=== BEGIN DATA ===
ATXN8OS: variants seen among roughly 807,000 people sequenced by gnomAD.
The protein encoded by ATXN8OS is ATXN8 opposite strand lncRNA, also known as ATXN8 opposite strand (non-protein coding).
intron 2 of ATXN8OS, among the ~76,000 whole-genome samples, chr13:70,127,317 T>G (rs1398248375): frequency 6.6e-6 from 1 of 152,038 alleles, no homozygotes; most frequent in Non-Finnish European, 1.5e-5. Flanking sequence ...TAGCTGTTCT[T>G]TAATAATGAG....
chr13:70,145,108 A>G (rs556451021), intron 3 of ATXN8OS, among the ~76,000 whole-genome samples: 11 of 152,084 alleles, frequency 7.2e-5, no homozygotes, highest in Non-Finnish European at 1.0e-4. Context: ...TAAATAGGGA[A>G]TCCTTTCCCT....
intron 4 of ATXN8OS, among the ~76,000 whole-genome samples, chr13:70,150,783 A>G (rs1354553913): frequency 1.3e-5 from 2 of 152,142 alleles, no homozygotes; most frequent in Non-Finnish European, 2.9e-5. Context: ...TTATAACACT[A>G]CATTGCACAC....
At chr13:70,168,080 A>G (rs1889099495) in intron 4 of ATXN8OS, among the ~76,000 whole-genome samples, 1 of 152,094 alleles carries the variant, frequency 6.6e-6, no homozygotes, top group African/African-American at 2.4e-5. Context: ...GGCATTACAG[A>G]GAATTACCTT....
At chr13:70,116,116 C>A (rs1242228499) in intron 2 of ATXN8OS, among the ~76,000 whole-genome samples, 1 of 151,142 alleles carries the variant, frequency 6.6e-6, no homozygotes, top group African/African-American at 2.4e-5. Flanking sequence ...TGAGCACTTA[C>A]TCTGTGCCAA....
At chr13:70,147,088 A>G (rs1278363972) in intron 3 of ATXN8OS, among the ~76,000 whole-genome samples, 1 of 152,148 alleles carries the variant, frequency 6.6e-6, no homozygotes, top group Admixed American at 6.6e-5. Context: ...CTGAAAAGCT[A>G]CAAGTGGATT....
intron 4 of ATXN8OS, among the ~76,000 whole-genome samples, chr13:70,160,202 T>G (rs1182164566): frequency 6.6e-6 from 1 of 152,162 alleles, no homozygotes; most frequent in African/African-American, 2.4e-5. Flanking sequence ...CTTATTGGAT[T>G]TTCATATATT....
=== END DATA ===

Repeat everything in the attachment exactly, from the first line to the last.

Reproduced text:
ATXN8OS: variants seen among roughly 807,000 people sequenced by gnomAD.
The protein encoded by ATXN8OS is ATXN8 opposite strand lncRNA, also known as ATXN8 opposite strand (non-protein coding).
intron 2 of ATXN8OS, among the ~76,000 whole-genome samples, chr13:70,127,317 T>G (rs1398248375): frequency 6.6e-6 from 1 of 152,038 alleles, no homozygotes; most frequent in Non-Finnish European, 1.5e-5. Flanking sequence ...TAGCTGTTCT[T>G]TAATAATGAG....
chr13:70,145,108 A>G (rs556451021), intron 3 of ATXN8OS, among the ~76,000 whole-genome samples: 11 of 152,084 alleles, frequency 7.2e-5, no homozygotes, highest in Non-Finnish European at 1.0e-4. Context: ...TAAATAGGGA[A>G]TCCTTTCCCT....
intron 4 of ATXN8OS, among the ~76,000 whole-genome samples, chr13:70,150,783 A>G (rs1354553913): frequency 1.3e-5 from 2 of 152,142 alleles, no homozygotes; most frequent in Non-Finnish European, 2.9e-5. Context: ...TTATAACACT[A>G]CATTGCACAC....
At chr13:70,168,080 A>G (rs1889099495) in intron 4 of ATXN8OS, among the ~76,000 whole-genome samples, 1 of 152,094 alleles carries the variant, frequency 6.6e-6, no homozygotes, top group African/African-American at 2.4e-5. Context: ...GGCATTACAG[A>G]GAATTACCTT....
At chr13:70,116,116 C>A (rs1242228499) in intron 2 of ATXN8OS, among the ~76,000 whole-genome samples, 1 of 151,142 alleles carries the variant, frequency 6.6e-6, no homozygotes, top group African/African-American at 2.4e-5. Flanking sequence ...TGAGCACTTA[C>A]TCTGTGCCAA....
At chr13:70,147,088 A>G (rs1278363972) in intron 3 of ATXN8OS, among the ~76,000 whole-genome samples, 1 of 152,148 alleles carries the variant, frequency 6.6e-6, no homozygotes, top group Admixed American at 6.6e-5. Context: ...CTGAAAAGCT[A>G]CAAGTGGATT....
intron 4 of ATXN8OS, among the ~76,000 whole-genome samples, chr13:70,160,202 T>G (rs1182164566): frequency 6.6e-6 from 1 of 152,162 alleles, no homozygotes; most frequent in African/African-American, 2.4e-5. Flanking sequence ...CTTATTGGAT[T>G]TTCATATATT....